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Abbie Crombie – Nursing, medical
Newly qualified nurse Abbie Crombie, 21, has gained so much from her CQC specialist advisor role that she’s been able to give inspection advice to her own ward sister.
"In 2013, when I was in my second year of nursing study, I replied to a email from CQC asking for student nurses to take part in hospital inspections as specialist advisors.
I’d read the Francis Report into failures of care at Mid-Staffs and was interested in its recommendations. On a professional level, I also thought having this kind of experience would give me an edge.
Plus having assumed the role was voluntary, it was a definite bonus to find out I’d be paid for the work.
My first inspection
A week or so after applying in November 2013, I was on an inspection of Barts Trust in London.
It was a huge operation and very daunting – there were just under 100 of us across multiple sites. However, we were all in the same boat as no one knew what to expect.
Afterwards I was exhausted but fulfilled. I’d learned a huge amount and felt sure I wanted to do it again.
I’m now a newly qualified nurse working on the renal ward at Royal Derby Hospital, and have been involved in six inspections in total. I manage to fit CQC work in around shifts or during annual leave.
Being treated as an equal
Each inspection team as a whole is broken up into smaller sub teams. My skills and knowledge are more profound in the medical area, so that’s the team I usually request to work on.
As a specialist advisor I’m treated as an equal on my team, included and fully involved. The focus during an inspection is teamwork as we all have different skills and knowledge plus collectively we’re from diverse backgrounds. This is key to an inspection as it offers alternate perspectives on the elements we’re assessing.
Talking to staff
Feeling valued as an equal member of my inspection team gives me more confidence when it comes to speaking to staff. During inspections I’ll talk to people from all levels, from cleaners and healthcare assistants, students, up to doctors and consultants.
Some staff tend to clam up when they find out I’m with CQC, but I try to be as accessible as possible. Explaining I’m a newly qualified nurse helps break down any barriers.
Looking at nursing paperwork
Knowledge of nursing paperwork is something I bring to inspections, and we’ll often drill down into a specific patient’s care.
For example, if someone has had a pressure ulcer we track their case through the paperwork to check they’ve been reported and cared for correctly. How has the pressure ulcer been tracked? Has their care been responsive to their needs, and escalated if necessary? Ultimately is the patient safe?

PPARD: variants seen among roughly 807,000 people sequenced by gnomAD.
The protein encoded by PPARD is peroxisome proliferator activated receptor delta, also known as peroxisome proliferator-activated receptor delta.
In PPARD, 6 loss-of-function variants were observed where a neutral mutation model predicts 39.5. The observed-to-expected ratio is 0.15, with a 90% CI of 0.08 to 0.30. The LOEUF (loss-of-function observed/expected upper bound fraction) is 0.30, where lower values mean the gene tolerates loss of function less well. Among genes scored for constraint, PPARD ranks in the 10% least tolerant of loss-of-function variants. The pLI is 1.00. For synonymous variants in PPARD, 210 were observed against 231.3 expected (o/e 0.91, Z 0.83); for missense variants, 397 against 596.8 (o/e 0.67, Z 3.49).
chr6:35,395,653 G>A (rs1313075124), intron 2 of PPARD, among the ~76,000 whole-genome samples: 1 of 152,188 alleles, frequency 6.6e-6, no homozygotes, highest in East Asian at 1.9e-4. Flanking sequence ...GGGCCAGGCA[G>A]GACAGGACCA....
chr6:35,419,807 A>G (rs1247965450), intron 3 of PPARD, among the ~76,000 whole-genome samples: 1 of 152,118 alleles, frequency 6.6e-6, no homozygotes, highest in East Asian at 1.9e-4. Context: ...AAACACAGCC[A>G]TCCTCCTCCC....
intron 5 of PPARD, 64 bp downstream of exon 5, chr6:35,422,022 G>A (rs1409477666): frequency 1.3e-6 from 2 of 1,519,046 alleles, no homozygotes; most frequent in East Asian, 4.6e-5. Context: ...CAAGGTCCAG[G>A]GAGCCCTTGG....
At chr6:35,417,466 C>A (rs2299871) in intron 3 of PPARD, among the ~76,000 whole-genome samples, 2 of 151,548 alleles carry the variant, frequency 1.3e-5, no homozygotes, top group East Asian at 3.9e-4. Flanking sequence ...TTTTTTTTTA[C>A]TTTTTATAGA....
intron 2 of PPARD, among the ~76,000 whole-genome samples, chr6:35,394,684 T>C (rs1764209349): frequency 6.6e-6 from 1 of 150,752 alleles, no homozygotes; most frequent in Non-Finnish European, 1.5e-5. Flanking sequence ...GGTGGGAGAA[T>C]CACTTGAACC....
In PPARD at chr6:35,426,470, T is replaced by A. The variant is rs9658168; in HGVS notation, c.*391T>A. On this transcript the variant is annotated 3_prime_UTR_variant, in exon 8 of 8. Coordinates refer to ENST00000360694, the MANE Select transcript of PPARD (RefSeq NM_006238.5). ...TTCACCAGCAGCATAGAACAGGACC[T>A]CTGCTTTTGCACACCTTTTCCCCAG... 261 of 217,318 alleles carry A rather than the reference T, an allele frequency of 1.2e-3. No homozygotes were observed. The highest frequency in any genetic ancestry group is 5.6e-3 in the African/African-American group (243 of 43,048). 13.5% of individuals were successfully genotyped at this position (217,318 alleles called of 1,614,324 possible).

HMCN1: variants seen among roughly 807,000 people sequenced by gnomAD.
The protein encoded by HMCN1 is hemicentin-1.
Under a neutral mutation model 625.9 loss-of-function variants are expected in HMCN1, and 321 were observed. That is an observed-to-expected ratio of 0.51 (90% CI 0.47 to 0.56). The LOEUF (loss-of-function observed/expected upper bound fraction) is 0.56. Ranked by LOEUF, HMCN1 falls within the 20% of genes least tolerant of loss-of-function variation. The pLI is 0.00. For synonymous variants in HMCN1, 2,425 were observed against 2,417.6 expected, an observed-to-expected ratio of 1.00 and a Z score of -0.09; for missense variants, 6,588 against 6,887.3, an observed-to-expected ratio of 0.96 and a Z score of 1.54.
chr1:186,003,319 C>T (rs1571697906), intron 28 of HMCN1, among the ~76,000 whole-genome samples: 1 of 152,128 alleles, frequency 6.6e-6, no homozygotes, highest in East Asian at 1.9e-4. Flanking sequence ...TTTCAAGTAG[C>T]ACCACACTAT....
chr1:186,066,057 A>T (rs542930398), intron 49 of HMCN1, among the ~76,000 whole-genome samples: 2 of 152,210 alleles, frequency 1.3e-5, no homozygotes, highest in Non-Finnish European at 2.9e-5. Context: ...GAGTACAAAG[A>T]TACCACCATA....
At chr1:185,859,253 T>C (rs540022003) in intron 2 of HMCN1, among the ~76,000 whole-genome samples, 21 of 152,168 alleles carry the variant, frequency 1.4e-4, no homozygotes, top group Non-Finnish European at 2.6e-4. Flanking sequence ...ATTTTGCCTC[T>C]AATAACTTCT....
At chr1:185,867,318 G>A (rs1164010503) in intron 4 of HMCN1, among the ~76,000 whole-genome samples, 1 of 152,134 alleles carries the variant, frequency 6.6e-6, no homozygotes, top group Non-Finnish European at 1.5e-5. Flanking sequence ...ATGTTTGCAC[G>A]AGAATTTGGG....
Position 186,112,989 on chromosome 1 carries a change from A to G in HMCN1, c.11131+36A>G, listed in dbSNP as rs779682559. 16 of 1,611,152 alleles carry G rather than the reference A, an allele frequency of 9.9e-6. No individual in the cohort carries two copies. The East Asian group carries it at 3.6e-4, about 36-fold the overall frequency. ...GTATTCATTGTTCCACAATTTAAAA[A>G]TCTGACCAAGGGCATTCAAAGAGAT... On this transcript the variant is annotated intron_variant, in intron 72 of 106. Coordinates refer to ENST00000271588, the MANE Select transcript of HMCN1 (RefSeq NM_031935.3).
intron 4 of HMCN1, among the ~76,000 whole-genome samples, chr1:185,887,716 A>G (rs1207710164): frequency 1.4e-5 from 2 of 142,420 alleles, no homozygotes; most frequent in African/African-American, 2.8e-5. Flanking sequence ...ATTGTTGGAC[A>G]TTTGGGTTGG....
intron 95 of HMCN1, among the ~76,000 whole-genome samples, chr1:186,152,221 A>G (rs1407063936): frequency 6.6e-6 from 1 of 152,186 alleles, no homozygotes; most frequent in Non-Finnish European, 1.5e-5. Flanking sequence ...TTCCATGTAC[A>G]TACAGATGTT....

A greatly enriched knowledge and outlook
Being a CQC specialist advisor has helped me in many ways. For a start, it’s exposed me to issues I’d never have seen otherwise as a newly qualified nurse.
It’s made me realise that I’d love to be an inspector myself one day. In fact, I’ve already been offered a two-year inspection secondment but turned it down as I wanted to gain more knowledge and skills first.
This role is also a great statement to add to my CV – it demonstrates my involvement and enriched understanding of inspections, which is relevant to all hospitals throughout Britain.
I’ve also been able to get a glimpse into how other hospitals work. I’ve seen best practice – and poor practice – and now have greater insight into what’s best for my own patients. All this at the start of my career.
Bringing back insider knowledge of CQC inspections
When my own trust was preparing for a CQC inspection in December 2014 I was able to suggest key lines of enquiry the inspectors could pursue.
I talked to my ward sister about some of the things I might cover on the inspection – for example, looking at the resuss trolley and equipment and talking to staff about staffing levels.
How else would I have had the opportunity to do this if it wasn’t for being a specialist advisor?
Encouraging other student nurses and nurses
Put simply, being a specialist advisor is an amazing opportunity and one I’ve encouraged many nursing friends to get involved with too.
I often stress that although inspections can provide additional knowledge and skills, it’s important to bear in mind they’re gruelling, exhausting and demanding and certainly don’t suit everyone.
But they’re also fantastic for development, especially transferring your knowledge and skills and using them in a totally different environment."
- Last updated:
- 29 May 2017